12 Mar Iconic African Musicians Star in Kamo Frank’s Buoyant Illustrations
“My illustrations often reflect and amplify African experiences, whether it be on the continent or in the diaspora. It’s really important for me to create work that is positive and celebratory of what makes us unique,” says Pretoria-born fashion graduate turned digital artist and illustrator Kamo Frank. Her work focuses on the representation of African women in art and aims to emphasise the everyday lived experiences of Africans, as told by an African woman, void off any misinterpretation and dimming down. In her most recent series of work, Frank merges her passion for visually depicting African stories with her love for African music and the content’s iconic figures. We had a chat with her about the series and her work as a whole.
Tell us about your most recent work, which highlights African musicians and music in its entirety?
It’s extremely important for me to place emphasis on the portrayal of Africans and our everyday lived experiences in an enlightening and contemporary way. Highlighting iconic African musicians was just one of the ways in which I was able to convey that.
Why is this something you’ve chosen to highlight in your illustrations?
Music is such an incredible art in itself, particularly African music. I thought, what better way than to honour and pay homage to the true pioneers that paved the way for many of the sounds that we hear today and their long-lasting influences in the music that we listen to today?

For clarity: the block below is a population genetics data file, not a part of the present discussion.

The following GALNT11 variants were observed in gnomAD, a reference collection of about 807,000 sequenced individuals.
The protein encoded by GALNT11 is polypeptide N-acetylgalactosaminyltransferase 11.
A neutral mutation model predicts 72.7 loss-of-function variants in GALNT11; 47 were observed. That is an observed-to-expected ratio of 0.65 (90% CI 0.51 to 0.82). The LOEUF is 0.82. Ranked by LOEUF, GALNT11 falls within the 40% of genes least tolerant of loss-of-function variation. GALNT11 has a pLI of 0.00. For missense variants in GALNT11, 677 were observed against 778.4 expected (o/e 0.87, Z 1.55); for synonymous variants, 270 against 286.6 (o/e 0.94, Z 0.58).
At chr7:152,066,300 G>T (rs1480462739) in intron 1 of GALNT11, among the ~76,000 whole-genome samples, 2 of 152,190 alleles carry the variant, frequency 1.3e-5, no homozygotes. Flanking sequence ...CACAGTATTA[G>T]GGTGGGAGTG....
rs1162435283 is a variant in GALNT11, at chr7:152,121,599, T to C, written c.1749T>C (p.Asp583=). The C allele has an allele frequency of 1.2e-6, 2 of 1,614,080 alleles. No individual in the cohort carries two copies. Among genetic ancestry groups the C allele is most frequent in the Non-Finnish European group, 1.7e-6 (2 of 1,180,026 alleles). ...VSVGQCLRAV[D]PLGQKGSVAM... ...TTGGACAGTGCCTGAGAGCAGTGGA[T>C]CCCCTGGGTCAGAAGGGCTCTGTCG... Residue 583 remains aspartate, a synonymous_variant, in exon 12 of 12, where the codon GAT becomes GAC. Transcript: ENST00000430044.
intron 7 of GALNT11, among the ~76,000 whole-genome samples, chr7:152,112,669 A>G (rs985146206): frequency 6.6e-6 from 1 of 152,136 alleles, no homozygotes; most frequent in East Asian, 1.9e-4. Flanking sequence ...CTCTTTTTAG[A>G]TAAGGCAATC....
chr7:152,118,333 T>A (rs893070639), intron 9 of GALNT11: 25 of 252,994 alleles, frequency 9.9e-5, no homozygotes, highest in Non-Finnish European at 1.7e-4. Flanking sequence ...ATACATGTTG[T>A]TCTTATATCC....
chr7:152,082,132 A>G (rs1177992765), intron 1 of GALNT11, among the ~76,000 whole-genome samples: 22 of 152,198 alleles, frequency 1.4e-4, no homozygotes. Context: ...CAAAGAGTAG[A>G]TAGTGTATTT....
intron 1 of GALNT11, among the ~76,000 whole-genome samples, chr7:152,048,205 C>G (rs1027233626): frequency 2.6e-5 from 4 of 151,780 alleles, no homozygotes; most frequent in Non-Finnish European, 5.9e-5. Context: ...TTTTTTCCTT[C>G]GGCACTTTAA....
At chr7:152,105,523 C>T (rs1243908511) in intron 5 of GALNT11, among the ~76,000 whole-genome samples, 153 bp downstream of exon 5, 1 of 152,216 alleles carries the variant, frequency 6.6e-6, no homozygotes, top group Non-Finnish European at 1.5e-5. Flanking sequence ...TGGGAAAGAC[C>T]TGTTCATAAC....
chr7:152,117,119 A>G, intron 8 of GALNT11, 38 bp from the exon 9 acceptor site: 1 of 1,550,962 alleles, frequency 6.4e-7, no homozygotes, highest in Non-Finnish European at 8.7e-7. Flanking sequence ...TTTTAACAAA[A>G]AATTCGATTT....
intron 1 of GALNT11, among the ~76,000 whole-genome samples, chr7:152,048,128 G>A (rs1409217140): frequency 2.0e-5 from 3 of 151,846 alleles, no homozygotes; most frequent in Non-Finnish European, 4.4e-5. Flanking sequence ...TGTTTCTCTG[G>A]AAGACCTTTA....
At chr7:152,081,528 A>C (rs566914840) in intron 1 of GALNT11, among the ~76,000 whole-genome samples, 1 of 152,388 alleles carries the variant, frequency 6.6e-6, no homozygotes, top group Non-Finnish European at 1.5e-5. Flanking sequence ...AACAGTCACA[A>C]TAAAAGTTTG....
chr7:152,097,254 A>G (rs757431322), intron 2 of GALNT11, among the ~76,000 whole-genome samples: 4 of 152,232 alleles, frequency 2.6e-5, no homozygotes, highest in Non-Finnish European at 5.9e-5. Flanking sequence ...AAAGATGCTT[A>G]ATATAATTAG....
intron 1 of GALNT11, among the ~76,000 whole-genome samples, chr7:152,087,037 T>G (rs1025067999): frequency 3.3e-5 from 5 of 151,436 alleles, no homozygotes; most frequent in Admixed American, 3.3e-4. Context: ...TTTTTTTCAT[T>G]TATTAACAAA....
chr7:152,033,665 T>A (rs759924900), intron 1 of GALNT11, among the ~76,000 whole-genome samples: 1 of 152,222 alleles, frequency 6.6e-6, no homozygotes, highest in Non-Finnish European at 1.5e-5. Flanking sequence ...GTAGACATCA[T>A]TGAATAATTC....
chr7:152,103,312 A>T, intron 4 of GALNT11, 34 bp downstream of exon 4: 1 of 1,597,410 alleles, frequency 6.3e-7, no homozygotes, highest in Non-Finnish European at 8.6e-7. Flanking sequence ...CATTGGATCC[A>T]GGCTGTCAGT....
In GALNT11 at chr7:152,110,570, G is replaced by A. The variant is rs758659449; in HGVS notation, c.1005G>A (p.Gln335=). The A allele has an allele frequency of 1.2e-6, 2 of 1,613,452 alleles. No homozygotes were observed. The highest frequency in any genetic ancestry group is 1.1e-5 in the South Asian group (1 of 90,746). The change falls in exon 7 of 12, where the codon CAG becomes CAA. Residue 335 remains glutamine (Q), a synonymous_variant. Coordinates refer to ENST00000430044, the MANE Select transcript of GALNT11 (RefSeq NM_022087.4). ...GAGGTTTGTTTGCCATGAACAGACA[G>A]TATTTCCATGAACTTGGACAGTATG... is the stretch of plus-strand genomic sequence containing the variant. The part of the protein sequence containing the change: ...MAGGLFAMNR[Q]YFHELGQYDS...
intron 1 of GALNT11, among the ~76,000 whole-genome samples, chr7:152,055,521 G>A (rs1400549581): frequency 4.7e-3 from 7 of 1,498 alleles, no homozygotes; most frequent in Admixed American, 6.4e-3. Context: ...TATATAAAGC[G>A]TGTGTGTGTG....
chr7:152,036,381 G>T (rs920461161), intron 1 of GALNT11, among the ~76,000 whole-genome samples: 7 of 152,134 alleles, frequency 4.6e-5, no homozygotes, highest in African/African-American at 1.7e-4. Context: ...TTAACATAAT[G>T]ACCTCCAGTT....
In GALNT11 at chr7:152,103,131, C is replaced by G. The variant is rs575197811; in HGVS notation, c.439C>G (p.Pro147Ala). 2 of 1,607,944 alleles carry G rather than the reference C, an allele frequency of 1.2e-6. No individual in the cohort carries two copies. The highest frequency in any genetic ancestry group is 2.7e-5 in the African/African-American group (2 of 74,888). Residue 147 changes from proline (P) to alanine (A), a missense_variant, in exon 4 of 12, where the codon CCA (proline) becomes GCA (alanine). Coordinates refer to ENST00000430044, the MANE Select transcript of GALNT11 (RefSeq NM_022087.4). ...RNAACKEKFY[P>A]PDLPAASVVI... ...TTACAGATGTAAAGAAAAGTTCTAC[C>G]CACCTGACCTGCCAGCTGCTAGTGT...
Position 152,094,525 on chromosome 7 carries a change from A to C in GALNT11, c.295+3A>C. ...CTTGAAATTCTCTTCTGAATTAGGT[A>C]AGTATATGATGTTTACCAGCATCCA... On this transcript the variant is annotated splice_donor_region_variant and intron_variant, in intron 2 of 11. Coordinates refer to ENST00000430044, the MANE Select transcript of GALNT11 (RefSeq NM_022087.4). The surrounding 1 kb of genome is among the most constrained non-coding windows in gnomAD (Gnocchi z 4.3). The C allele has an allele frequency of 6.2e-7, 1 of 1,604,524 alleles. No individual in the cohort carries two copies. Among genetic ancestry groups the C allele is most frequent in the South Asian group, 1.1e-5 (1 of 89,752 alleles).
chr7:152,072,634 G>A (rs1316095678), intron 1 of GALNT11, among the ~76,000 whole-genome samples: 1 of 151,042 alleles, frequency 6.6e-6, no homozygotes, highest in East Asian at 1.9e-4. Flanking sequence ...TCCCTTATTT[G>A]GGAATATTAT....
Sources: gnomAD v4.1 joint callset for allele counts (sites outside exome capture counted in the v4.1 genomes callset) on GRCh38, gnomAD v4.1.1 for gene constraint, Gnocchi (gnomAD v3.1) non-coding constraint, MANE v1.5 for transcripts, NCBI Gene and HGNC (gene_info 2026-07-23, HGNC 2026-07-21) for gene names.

What role does music, particularly that from the African content and diaspora, play in your creative practice?
I use music as a way to fuel my creative energy. Looking to other art forms for inspiration helps a ton as you’re forced to look through a completely different creative lens, and translate that energy into the visual arts – in my case, into an illustration.
Some of the musicians you included in this series of work include Lucky Dube, Brenda Fassie and Miriam Makeba. Tell us how you went about choosing these iconic stars?
I’d say many of us grew up listening to these musicians, among others, largely because of our parents and our grandparents. So naturally, I decided to take those memories and use them as inspiration. These are artists who also made a far-reaching impact that spanned across the globe. Their lives were also so important in the story of African music as they addressed many social injustices.
How would you describe your style of work to someone viewing it for the first time?
I’d say a lot of my illustrations focus on representation, so it’s important that they reflect actual lived experiences, but in a buoyant way.
Outside of music, where do you mostly draw inspiration from?
You’ll see a lot of my illustrations are depictions of women, so I’m largely inspired by ordinary, everyday women and their stories. The depictions of African women in my illustrations amplifies my quest for representation and through the faceless bodies, I’d like women to see themselves in each particular piece.
Through your work, what is it that you intend to invoke in viewers and what message do you aim to communicate?
Most of my pieces are celebratory in some way or the other. I want people, especially Africans, to feel like every part of their identity should be celebrated. Their history, their interests, their experiences, their memories, even what they feel is probably incredibly mundane, to be seen as magic and art, because our contribution to and influence in every part of society is not celebrated enough.
Follow @kamofrank_ on Instagram.